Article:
Sergei Mikhailovich Eisenstein was born in Riga, Latvia in 1898. He studied architecture and engineering at the Petrograd Institute, but left school in 1918 to join the Red Army. In 1920, he took on a command position and transferred to Minsk where he was exposed to Kabuki theatre and studied Japanese. That same year he moved to Moscow and began a career in theatre as part of Proletkult (he also enrolled in Veslovod Meyerhold’s experimental theatre workshop). Eisenstein was a prolific writer for most of his life. His career as a theorist began with The Montage of Attractions, first published in LEF journal in 1923 under the editorial direction of Osip Brik and Vladimir Mayakovsky. His first film Glumov’s Diary (1923) was conceived as part of the theatre production Enough Stupidity in Every Wise Man by Alexander Ostrovsky. Dziga Vertov was appointed as consultant, and included the film in his Kino-Pravda newsreel series, released May 21, 1923 under the title Spring Smiles of the Proletkult. Eisenstein’s first feature Strike and Battleship Potemkin were both released in 1925. After completion of October: Ten Days that Shook the World (1928), he spent the next two years touring Europe. In 1930, he accepted a contract to work for Paramount Pictures but before a film could be made a public campaign was mounted against him, his contract was suspended, and he was returned to Moscow. At the introduction of Charles Chaplin, Eisenstein was commissioned by writers Mary and Upton Sinclair to make a film in Mexico in 1930. After much complication, his work on this film was scuttled and the large cache of footage was dispatched to the Sinclairs who hired Sol Lesser to supervise post-production and distribute the resulting product in the USA. Two features and one short, Thunder Over Mexico, Eisenstein in Mexico, and Death Day were released to American audiences between 1933–1934. In 1940 a fourth film, Time in the Sun, was released, compiled by Marie Seton. Eisenstein never saw the Sinclair-Lesser films, and publicly maintained his complete disinterest in the project. Sinclair donated a large portion of the footage to the Museum of Modern Art in 1954. From this footage, Jay Leyda (in collaboration with Manfred Kirchheimer) compiled Eisenstein’s Mexican Film: Episode for Study (1958). In 1979, former Eisenstein collaborator Grigory Aleksandrov edited it in rough accordance with the director’s original outline and released it as Que Viva Mexico! After Mexico, Eisenstein returned to Russia in 1932 where he began his next project, the pageant opera Alexander Nevsky (1938). In 1940 he worked on a project, Love of a Poet, based on Pushkin's Boris Godunov. Between 1942 and 1946 he completed parts I & II of his last film Ivan the Terrible, starring Nikolay Cherkasov. Sergei Eisenstein finished 15 films that revolutionized world cinema before his death at age 50 in 1948. The cause was two successive heart attacks. His ashes were buried in Novodevichy Cemetery in Moscow.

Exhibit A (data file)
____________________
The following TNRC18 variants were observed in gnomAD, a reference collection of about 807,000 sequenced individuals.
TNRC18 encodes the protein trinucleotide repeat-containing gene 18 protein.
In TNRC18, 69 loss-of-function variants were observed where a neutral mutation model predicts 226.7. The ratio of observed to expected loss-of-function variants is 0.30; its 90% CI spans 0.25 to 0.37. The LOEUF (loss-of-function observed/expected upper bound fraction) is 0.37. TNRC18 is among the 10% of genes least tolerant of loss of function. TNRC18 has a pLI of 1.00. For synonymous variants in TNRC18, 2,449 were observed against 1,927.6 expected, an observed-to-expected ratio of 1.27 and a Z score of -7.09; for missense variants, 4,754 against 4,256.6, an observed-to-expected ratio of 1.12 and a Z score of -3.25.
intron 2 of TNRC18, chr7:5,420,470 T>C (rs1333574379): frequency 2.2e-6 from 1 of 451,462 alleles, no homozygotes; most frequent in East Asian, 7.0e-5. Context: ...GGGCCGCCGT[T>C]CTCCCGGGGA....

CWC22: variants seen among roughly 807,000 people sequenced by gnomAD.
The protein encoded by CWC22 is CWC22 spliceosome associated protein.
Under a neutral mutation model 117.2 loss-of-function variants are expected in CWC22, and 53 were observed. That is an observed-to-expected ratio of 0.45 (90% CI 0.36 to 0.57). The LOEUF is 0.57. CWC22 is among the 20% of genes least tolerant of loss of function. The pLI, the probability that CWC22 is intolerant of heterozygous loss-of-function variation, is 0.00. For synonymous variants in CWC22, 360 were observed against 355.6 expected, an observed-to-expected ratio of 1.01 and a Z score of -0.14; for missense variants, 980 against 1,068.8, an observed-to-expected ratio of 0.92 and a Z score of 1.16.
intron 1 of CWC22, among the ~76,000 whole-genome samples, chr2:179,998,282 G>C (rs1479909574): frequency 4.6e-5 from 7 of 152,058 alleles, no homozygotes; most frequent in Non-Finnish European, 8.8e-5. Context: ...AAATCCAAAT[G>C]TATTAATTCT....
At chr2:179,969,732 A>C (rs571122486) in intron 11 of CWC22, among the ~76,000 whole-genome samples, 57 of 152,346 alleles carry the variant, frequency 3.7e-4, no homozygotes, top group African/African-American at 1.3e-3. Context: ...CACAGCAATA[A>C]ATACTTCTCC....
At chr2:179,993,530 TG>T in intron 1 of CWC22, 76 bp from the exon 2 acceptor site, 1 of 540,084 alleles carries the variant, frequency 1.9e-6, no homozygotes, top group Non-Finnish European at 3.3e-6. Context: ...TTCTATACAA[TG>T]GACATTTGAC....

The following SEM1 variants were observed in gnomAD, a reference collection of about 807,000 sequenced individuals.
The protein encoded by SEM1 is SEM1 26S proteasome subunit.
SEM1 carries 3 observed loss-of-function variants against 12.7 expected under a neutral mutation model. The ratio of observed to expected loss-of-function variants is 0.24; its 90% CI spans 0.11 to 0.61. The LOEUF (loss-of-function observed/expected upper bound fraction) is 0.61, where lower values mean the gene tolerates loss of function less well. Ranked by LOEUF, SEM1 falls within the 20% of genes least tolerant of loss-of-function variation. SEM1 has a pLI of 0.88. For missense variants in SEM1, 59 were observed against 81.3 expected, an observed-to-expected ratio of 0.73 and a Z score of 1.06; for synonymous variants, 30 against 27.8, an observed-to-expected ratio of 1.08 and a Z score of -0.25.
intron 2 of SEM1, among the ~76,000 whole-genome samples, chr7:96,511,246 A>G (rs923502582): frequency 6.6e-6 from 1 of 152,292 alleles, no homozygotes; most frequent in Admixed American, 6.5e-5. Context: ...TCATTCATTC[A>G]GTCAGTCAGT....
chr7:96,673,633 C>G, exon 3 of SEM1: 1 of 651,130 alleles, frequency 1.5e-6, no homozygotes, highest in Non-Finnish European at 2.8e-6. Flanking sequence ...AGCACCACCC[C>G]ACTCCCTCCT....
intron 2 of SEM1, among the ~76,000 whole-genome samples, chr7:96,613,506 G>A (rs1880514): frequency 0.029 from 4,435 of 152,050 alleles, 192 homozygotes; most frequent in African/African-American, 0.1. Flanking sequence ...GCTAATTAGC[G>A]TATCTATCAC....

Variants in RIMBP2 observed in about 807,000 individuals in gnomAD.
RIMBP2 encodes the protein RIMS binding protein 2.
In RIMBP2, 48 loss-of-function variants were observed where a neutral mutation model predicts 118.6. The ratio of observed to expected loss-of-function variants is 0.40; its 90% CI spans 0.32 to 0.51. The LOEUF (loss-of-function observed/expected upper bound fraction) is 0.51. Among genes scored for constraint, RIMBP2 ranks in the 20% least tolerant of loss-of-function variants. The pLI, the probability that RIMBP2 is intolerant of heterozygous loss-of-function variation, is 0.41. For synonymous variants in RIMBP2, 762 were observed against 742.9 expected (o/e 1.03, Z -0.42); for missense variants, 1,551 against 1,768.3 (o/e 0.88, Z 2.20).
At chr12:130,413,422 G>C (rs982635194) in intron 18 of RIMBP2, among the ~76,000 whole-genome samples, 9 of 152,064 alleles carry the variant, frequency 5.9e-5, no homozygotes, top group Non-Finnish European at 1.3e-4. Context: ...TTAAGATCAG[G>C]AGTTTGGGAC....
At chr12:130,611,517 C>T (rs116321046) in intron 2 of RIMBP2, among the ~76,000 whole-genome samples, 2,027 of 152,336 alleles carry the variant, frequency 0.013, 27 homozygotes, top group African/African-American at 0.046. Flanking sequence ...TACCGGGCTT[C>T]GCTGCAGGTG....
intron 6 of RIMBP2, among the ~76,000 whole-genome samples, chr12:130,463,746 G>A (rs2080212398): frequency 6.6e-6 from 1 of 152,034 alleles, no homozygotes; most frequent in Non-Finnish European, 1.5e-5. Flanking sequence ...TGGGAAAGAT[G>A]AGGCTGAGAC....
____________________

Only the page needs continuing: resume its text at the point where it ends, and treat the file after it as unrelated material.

Mexican Footage, 10 min, 1930-32
Eisenstein intended to make a film symphony, a film serape, or Diego Rivera mural of the seventh art. “I wanted to show a timeless Mexico where the past was merged with the present,” but the shooting stopped abruptly because the funding was cut. Although they promised to send the material, he never received it and he died without being able to conclude with his own hands one of his great works. – Oswaldo Betancourt
Even in a less exaggerated description, any verbal account of a person is bound to find itself employing an assortment of waterfalls, lightning rods, landscapes, birds, etc. – Sergei Eisenstein
All stills, photographs, and artwork courtesy Canyon Cinema/Gosfilmofond of Russia ©Estate of Sergei Eisenstein. Screening co-presented with Canyon Cinema.